What’s the Most Important Thing to do After a Motorcycle Crash?
Motorcycle crashes are interesting beasts. After a crash, we tend to focus on what’s most visible; the road rash, the broken bones and disfigurement.
This can lead to overlooking what is often a far more serious injury – a concussion. We are so desensitized to this word that I hate even using it. I like to call them what they are – BRAIN INJURIES.
In fact, the Mayo Clinic defines a concussion as, “A brain injury caused by a blow to the head or a violent shaking of the head and body.”
Making matters worse, the symptoms can be delayed by days, weeks or even months. This is why we always assign a family member or friend to closely monitor the client to track any physical or mental changes.
Keep any eye out for the following symptoms: loss of consciousness, confusion, headaches, nausea or vomiting, fatigue, speech problems, difficulty sleeping or sleeping more than normal, dizziness or loss of balance, blurred vision, ringing in the ears, a bad taste in the mouth or changes in the ability to smell, among others.
So what’s the most important thing you should do after a motorcycle crash? Get your brain checked immediately. If the doctor doesn’t order it, demand it or go elsewhere. It’s that important. #braininjury #injury #motorcyclecrash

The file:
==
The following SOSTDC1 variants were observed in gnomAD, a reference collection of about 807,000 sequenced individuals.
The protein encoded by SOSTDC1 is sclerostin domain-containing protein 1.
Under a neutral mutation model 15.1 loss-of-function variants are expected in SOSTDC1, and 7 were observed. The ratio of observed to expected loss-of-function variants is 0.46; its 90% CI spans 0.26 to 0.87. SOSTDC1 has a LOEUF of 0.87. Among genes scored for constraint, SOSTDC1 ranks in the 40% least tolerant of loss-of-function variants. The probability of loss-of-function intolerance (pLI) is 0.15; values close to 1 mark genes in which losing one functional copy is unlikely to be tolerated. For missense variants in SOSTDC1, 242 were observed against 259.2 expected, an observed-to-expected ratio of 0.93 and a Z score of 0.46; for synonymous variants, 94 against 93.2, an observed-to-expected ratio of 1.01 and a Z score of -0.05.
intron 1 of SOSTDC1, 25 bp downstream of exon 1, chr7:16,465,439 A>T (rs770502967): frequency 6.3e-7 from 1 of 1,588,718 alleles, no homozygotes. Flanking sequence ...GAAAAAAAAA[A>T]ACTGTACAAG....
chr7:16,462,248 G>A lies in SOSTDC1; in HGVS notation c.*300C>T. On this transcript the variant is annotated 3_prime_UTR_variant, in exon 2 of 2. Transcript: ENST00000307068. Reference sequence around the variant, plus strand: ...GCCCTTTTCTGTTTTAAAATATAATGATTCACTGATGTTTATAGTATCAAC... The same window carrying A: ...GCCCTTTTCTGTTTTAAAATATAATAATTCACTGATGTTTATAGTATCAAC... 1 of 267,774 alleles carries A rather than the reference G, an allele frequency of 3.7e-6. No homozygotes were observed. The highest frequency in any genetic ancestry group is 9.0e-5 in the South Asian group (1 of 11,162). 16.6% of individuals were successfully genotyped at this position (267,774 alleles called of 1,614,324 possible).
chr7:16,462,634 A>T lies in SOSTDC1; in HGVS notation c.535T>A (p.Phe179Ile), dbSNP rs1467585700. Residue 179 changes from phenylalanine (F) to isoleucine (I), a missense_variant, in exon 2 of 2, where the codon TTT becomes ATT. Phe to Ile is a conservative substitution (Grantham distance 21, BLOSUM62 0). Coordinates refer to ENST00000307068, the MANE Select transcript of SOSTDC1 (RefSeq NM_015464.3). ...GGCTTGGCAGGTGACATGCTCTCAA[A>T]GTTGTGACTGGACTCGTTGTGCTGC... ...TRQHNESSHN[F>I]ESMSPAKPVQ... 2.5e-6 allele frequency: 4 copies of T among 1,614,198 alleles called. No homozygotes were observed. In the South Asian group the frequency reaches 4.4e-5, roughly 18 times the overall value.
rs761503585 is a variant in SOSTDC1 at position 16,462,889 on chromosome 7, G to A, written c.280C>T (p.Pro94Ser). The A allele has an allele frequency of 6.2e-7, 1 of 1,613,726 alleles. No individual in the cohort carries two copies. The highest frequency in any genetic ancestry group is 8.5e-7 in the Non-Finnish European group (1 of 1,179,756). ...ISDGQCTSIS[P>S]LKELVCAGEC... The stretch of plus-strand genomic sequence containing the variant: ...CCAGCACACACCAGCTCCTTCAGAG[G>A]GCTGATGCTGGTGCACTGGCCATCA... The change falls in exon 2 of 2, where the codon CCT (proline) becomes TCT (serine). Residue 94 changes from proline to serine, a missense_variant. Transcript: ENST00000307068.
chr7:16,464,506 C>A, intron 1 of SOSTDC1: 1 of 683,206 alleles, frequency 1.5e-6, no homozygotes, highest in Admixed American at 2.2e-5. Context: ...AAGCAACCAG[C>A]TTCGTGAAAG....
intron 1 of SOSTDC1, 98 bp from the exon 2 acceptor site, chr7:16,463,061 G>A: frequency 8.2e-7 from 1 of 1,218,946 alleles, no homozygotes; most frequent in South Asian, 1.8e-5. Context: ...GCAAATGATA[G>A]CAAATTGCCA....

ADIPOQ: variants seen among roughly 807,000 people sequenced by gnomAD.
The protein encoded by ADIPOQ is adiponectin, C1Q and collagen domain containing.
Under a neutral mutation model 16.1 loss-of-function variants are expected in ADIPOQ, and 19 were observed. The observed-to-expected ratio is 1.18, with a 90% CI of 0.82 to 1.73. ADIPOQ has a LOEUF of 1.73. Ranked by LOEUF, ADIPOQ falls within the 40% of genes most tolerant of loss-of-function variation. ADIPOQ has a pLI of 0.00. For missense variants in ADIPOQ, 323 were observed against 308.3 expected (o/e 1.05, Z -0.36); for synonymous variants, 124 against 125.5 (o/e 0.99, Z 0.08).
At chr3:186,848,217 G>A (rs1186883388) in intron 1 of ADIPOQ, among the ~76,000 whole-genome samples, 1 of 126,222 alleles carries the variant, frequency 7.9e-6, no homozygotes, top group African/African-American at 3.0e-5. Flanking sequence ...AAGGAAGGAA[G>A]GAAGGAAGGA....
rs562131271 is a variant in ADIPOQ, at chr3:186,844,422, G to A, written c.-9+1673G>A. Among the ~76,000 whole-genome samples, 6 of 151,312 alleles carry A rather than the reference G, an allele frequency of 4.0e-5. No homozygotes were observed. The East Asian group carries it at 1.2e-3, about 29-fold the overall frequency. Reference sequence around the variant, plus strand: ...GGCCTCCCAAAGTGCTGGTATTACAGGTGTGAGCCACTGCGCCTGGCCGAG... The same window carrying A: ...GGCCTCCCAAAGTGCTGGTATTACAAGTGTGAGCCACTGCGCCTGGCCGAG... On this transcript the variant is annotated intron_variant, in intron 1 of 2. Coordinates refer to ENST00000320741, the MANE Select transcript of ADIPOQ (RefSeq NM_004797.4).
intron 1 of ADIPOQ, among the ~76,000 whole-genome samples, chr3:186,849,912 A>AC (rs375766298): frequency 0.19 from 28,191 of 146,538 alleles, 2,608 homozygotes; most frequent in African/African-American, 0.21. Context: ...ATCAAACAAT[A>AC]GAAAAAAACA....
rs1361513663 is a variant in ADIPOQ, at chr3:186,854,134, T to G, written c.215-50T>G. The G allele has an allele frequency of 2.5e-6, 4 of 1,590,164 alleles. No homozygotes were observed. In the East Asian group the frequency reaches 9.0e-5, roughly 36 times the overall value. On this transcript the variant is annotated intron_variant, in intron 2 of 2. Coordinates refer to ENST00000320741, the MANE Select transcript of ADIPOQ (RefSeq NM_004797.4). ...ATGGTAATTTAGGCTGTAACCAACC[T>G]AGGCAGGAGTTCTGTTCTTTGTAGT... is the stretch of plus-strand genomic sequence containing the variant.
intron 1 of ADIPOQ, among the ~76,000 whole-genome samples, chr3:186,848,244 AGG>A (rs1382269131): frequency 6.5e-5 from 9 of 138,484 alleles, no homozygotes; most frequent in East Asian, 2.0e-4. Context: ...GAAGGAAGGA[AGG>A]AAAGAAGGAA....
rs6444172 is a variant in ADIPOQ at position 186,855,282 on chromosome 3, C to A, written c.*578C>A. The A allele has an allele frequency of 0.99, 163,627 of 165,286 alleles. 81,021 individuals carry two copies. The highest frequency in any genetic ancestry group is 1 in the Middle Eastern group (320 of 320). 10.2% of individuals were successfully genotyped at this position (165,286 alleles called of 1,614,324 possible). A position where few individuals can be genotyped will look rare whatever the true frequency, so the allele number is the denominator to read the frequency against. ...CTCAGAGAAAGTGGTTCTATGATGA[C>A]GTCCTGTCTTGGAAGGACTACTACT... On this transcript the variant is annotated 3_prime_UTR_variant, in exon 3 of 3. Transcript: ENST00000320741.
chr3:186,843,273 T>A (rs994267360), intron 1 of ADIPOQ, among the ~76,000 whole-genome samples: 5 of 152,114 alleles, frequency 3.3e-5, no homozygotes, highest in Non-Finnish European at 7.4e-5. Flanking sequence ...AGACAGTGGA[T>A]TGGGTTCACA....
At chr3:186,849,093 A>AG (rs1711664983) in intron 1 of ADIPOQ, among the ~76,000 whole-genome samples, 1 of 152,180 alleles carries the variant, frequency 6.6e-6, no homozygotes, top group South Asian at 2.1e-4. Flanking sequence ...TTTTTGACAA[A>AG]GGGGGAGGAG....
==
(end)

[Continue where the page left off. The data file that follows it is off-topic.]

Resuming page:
What if You Were Partially at Fault for the Crash?
You’re cruising down the road, maybe just a little over the speed limit 🤫, and someone pulls out in front of you. Before you know it, BOOM 🏍💥🚗, you’re hit.
Does it matter that you were speeding? Do you still have a claim against the other driver?
The answer to both of these questions is YES, sort of…
Here’s the deal, if you were going REALLY FAST, like 15 or 20 miles over the speed limit, and the other driver can prove it, then the insurance company is really going to fight you. You’re pushing your luck if you were going 10 mph over the speed limit. **There is an exception to this – see below.
Hell, we have to fight the insurance company over stupid things like the size of an intersection. But that’s a story for another day.
HOWEVER, if you were only going a little over the speed limit, like 5-10 mph, then you are probably fine and they likely won’t fight you. But there’s a catch…
Again, this is only if the defendant can prove it, but the insurance company will try to reduce the value of your case by your percentage of fault.
For simplicity, let’s assume your case is worth $100 and the insurance company claims you were 5% at fault. They will reduce the value of your case by $5.
Obviously, this is VERY subjective, which is why
**A major factor in these cases is the severity of your injuries. Even if you were mostly at fault for a crash, it’s sometimes in your best interest to pursue if you were severely injured. Missouri is very favorable to plaintiffs in this one respect; you can pursue a claim even if the other side is only 1% at fault.
“WHAT, HOW DOES THAT WORK?!?!”, you say? Let’s change the scenario above. Let’s say your damages are $1,000,000, not $100. If the defendant is 1% at fault, then your case is still worth $10,000.
These are obviously extreme examples. And they are just that, EXAMPLES. The point is that you shouldn’t give up on a case just because you think you were partially at fault.